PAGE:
Research Under The Microscope Series

The research evidence supporting the use of specific nutrition, diet and food interventions is getting larger all the time and translating new research is often difficult and time consuming.  Also, certain research findings such as those from cell or animal studies have limitations when attempting to translate into human clinical practice and must be done with caution.

The aim of “Research Under The Microscope” series is to translate research papers that are quite often technically complicated, extremely lengthy and contain large amounts of data into simple everyday language making it quicker and easier to understand the research findings.

Alzheimer’s Diseases and the Role of Phosphatidylcholine-DHA

by | Mar 18, 2022

What is the problem and what is known so far?

Alzheimer’s disease (AD) is the most common progressive neurodegenerative disorder in Australia. Characteristics of AD is progressive memory loss, spatial disorientation, cognitive dysfunction, and behavioural changes.

Currently, there is no cure and treatments are usually based on managing symptoms.

Intakes of Ω-3 (omega-3) fatty acid docosahexaenoic acid (DHA) has been observed to reduce the risk of AD and ease the symptoms of cognitive decline.

Low levels of Ω-3 DHA fatty acid have been demonstrated to promote all 3 hallmarks of AD which include:

  1. Extracellular amyloid-b plaques.
  2. Intracellular neurofibrillary (tau) tangles.
  3. Reduced glucose uptake in the brain.

What is the background to this research?

The apolipoprotein E (APOE4) allele is to date the highest factor in determining the risk of AD. Previously it has been observed that sufferers of AD with the APOE4 single nucleotide polymorphisms (SNPs), respond more favourably to food sources Ω-3 DHA fatty acids as found natively in fish, rather than supplementary forms such as fish oil capsules.

What was studied in this research?

The researchers wanted to understand the mechanisms behind why sufferers of AD with the APOE4 single nucleotide polymorphisms (SNPs) respond better to the Ω-3 DHA fatty acids in dietary fish rather than fish oil tablets.

How was the research performed?

This research looked at all the current knowledge of AD and the cell changes seen in people with AD. The researchers reviewed how cell changes in people with AD might impact the metabolism of the different  Ω-3 DHA fatty acids found in food sources vs supplement sources. In doing this, the researchers were able to propose a clear  mechanism on why dietary fish is more effective than fish oils in AD sufferers with the APOE4 SNPs.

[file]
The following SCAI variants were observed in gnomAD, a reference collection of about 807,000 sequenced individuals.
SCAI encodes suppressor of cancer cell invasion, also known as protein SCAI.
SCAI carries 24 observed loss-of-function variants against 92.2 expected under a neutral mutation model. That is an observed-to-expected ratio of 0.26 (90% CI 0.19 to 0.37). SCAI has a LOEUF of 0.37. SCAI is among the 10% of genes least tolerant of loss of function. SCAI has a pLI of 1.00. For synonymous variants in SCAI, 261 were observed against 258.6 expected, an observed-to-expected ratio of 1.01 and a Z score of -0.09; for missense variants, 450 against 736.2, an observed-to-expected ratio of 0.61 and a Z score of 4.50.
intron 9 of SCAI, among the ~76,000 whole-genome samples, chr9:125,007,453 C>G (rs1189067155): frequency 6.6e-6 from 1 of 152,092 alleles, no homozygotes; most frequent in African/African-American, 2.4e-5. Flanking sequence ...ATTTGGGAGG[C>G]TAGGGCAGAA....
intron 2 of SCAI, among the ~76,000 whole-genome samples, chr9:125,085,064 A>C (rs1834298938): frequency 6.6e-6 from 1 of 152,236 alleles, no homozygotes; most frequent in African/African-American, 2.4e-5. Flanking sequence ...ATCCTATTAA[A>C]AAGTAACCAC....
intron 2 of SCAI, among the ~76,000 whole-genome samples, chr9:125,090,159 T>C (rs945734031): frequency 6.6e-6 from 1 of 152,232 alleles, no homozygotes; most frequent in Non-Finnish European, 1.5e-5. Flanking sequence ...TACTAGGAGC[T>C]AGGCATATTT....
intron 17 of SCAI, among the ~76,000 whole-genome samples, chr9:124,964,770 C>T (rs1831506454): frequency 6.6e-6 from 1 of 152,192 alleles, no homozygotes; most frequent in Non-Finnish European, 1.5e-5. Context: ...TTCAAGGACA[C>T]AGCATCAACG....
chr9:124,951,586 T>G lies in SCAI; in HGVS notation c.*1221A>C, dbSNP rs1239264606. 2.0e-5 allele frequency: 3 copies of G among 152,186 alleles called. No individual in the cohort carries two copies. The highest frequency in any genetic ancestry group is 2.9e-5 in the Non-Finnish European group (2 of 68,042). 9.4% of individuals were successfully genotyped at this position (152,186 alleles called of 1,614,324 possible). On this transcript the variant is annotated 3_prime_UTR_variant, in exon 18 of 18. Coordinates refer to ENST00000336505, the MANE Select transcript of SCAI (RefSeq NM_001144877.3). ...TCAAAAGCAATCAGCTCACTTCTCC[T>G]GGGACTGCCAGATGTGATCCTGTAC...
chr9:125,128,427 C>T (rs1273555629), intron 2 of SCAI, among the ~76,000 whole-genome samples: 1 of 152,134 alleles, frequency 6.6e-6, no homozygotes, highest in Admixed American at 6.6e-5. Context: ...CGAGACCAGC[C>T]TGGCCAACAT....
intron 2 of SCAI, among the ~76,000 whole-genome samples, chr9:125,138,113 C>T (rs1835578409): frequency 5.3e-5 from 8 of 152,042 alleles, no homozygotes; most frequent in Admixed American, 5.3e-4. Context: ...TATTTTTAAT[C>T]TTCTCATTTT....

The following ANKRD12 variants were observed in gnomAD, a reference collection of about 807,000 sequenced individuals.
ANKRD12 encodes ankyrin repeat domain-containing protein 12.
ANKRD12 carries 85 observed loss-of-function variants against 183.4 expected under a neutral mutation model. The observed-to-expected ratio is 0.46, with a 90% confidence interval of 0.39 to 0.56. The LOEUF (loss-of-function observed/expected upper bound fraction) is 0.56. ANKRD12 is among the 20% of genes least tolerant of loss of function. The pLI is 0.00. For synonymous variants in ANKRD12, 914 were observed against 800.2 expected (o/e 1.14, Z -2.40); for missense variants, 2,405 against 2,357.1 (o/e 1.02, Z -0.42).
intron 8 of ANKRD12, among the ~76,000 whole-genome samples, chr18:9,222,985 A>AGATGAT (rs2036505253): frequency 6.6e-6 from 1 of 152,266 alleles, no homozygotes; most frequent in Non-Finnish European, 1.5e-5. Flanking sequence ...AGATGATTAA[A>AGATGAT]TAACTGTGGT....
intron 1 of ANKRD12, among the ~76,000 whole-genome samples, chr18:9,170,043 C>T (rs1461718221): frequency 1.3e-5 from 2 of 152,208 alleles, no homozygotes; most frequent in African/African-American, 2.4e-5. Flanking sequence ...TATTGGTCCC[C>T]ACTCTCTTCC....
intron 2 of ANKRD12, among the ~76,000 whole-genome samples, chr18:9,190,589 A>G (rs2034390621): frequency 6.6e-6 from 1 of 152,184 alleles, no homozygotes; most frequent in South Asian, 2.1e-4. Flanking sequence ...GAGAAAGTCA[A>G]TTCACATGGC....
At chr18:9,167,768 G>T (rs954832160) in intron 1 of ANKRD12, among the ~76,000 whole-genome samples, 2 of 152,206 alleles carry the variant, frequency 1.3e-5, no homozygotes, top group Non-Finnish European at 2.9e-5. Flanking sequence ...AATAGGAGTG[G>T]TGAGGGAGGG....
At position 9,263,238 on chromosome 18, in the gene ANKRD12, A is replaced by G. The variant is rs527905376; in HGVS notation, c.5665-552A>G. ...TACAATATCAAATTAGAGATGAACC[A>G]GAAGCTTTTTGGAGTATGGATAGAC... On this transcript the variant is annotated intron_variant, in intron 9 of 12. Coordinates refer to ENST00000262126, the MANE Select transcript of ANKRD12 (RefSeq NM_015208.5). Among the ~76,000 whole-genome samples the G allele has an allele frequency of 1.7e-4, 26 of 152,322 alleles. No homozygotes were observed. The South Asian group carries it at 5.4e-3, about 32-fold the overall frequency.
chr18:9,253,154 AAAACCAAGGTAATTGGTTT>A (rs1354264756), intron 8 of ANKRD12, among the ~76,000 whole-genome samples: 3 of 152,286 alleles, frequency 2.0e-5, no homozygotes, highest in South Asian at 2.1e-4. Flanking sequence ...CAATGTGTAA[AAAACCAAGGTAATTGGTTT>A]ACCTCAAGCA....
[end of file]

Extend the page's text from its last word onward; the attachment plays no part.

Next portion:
What did the study researchers find?

The researcher found that Ω-3 DHA fatty acids is packaged differently between food and most supplement forms. DHA in seafood sources metabolise to a phospholipid form known as DHA-lysoPC and is transported into the brain using a specific transporter, the MSFD2A which is found on the inner membrane of the endothelial cells that line blood vessels on the blood brain barrier (BBB).

Supplements predominantly metabolise to plasma free DHA and then passively diffuse between the BBB cells and into the brain via tight junctions. In APOE4 suffers with AD, the tight junctions are damaged disrupting the transport of free DHA into the brain.

What is the take home message?

  1. DHA is an essential Ω-3 fatty acid making up approximately 30% of the fat found in the human brain.
  2. In AD, Ω-3 DHA fatty acids have been observed to:
    • Reduced amyloid-β plaques, aggregation and cellular toxicity.
    • Promotes amyloid-β plaques clearance.
    • Reduced tau tangles.
    • Facilitates transport of glucose into the brain.
    • 2 grams of DHA supplements for 6 months demonstrated a reduction in phosphorylated tau protein in cerebrospinal fluid.
  3. The major genetic risk factor for AD is in the form of a variant of the human apolipoprotein E (APOE) gene which impacts the metabolism of DHA fatty acids via several mechanisms including:
    • Carriers of the APOE4 gene may have impaired brain transport of free DHA due to the break down in the outer membrane leaflet of the BBB.
    • Impaired brain transport of free DHA may explain the greater therapeutic effect in consuming fish rather than fish oil tablets.
    • Seafood sources of DHA is phospholipid form and appears in the plasma as DHA-lysoPC. This may impact how the Ω-3 DHA fatty acids is metabolised and transport into the brain.

Typical Levels of Ω-3 DHA fatty acids in common Australian Seafood:

Fish Type % of Ω-3 DHA Fatty Acids

Deep Sea Cod


John Dory


Red Snapper




Flat Head


Southern Bluefin Tuna






What You Can Do Now

Start to incorporate some of the foods suggested above into daily meals. Changes don’t need to happen all at once. Small changes can make an enormous difference.

Changes to your diet or nutrition to manage a health condition should only be undertaken with advice from a suitably qualified nutritional health professional.

This factsheet is for general information only.

Please contact me to discuss your individual needs.


  1. Patrick RP. Role of phosphatidylcholine-DHA in preventing APOE4-associated Alzheimer’s disease. The FASEB Journal [Internet]. 2018 Oct 5 [cited 2018 Oct 31];fj.201801412R. Available from:
  2. Soltan, Saharrobert S. A. M., and Robert A. Gibson. 2008. ‘Levels of Omega 3 Fatty Acids in Australian Seafood’. Asia Pacific Journal of Clinical Nutrition 17 (3): 385–90.